When we hauled out for our annual bottom maintenance here in Mandurah, I misjudged our approach a skosh, and dinged up the end of the starboard rub rail. Getting into and out of concrete pens has always been an issue for me.
As is usually the case when we haul out, I had to remove the forestay and furler in order to fit into the Travelift, and I secured them to the outside of the lifelines on the port side. This made them vulnerable to being damaged if I got too close to the port side of the pen, so as I approached, I stayed as close to the starboard side of the pen as I dared – which turned out to be a little too close. Oh well, this wasn't the first time and undoubtedly won't be the last time the brightwork on Nine of Cups got dinged. I've bumped into haul out facilities in lots of different places as a matter of fact – Venezuela, Ecuador, Uruguay, New Zealand, and now in Western Australia.
I had the opportunity to make the repair one sunny day while Marcie was back in the U.S. I couldn't find teak in the size I needed, but I did find some jarrah. This is the same local wood I used to make the chocks for our Bruce anchor, and it is quite a nice wood for exterior use. Once it weathers, the color is also quite close to the color of the teak of the rub rail, so it ought to blend in well.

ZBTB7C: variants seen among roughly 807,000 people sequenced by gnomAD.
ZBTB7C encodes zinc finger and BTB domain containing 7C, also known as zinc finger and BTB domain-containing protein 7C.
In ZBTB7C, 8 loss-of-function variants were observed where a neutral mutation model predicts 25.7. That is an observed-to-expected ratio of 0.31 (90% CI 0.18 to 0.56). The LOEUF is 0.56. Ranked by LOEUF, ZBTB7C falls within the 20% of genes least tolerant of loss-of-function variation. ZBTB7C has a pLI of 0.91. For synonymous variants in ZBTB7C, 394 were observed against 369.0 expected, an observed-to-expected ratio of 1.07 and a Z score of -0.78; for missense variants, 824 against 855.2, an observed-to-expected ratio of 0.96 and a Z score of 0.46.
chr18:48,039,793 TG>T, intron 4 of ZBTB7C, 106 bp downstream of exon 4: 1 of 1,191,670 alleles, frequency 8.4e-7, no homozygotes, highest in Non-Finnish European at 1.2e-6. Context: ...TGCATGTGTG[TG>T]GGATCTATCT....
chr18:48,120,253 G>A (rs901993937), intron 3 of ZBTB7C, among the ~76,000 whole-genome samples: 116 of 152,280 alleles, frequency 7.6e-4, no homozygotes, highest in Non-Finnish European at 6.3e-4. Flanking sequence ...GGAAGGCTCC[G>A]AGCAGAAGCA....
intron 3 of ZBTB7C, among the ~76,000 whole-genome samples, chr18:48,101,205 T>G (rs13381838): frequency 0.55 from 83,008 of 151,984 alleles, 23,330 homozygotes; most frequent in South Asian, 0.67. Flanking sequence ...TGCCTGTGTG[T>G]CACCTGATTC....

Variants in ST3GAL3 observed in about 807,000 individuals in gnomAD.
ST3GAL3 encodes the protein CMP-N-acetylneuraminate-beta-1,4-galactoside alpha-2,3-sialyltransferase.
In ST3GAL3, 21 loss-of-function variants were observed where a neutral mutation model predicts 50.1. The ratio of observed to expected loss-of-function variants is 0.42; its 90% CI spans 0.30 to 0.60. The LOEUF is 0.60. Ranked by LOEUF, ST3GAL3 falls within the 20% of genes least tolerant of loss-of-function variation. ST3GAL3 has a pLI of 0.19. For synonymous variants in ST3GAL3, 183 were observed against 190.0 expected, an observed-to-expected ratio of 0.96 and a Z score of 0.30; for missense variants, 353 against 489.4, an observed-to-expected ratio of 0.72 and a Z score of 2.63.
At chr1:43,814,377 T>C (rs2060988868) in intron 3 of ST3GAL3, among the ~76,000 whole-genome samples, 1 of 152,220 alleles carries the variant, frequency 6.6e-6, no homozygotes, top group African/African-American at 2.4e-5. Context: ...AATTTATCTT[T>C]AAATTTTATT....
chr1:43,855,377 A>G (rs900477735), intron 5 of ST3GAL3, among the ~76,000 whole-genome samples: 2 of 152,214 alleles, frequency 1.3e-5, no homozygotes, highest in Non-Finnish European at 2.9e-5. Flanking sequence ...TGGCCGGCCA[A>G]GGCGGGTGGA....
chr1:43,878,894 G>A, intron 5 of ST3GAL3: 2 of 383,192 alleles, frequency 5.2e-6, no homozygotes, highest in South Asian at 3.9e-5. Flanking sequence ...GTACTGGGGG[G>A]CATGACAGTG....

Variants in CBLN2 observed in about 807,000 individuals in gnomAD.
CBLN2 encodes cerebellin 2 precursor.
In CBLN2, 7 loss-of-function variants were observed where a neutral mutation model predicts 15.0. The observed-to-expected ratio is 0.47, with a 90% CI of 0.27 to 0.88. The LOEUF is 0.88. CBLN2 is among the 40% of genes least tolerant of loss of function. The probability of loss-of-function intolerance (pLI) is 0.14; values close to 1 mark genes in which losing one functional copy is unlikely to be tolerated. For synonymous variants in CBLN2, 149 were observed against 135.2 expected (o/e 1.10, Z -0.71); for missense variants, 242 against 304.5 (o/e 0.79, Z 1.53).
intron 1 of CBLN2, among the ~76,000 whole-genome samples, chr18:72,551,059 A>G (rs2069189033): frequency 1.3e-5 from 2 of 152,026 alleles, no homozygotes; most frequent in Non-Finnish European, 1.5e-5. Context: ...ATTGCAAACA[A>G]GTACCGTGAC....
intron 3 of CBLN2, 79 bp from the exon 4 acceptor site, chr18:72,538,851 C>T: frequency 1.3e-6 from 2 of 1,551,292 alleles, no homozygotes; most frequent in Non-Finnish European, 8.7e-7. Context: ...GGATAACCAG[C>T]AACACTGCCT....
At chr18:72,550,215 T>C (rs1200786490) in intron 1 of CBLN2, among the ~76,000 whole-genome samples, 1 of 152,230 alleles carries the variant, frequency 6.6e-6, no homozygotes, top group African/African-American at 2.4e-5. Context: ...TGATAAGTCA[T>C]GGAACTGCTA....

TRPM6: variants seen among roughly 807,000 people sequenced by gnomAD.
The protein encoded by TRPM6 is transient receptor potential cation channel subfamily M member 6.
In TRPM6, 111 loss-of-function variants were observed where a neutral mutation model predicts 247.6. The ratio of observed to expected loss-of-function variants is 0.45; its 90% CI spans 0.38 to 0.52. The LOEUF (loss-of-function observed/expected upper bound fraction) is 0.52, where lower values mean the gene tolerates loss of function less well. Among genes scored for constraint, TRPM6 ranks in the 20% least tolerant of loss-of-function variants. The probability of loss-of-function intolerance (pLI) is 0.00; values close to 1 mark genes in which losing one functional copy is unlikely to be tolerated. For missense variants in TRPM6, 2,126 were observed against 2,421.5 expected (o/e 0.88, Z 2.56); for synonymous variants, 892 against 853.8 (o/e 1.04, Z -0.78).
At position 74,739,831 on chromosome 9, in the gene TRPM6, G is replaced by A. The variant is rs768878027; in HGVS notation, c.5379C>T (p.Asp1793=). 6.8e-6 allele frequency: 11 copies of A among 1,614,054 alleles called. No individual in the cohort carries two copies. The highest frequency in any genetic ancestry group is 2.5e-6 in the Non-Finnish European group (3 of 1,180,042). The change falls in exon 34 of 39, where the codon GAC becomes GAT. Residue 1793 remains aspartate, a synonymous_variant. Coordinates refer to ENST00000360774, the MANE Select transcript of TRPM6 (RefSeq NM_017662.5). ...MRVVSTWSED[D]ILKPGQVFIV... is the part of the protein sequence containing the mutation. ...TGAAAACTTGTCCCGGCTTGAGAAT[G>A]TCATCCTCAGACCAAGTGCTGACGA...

I removed the damaged section and carefully cut the jarrah to fit. I'm not the greatest finish carpenter, especially when my tools are limited to a jigsaw and a handsaw, but the fit wasn't too bad - at least when viewed from 20 feet or so.
I had planned to use epoxy and screws to secure the new piece in place. As I was working on it, two new friends, Ross and Cliff happened by, and after we finished discussing the general state of world affairs, the weather, and other important topics, the conversation turned to my project. Ross felt it might be a mistake to use epoxy to join the two types of wood together. Jarrah, as it turns out, swells considerably when it gets wet – much more than teak. If I epoxied the jarrah to the teak, the swelling might cause the joint or the teak to crack. After a bit more discussion, our consensus was that I should bond the two woods with screws and a more flexible adhesive like Sikaflex. Local knowledge is a good thing.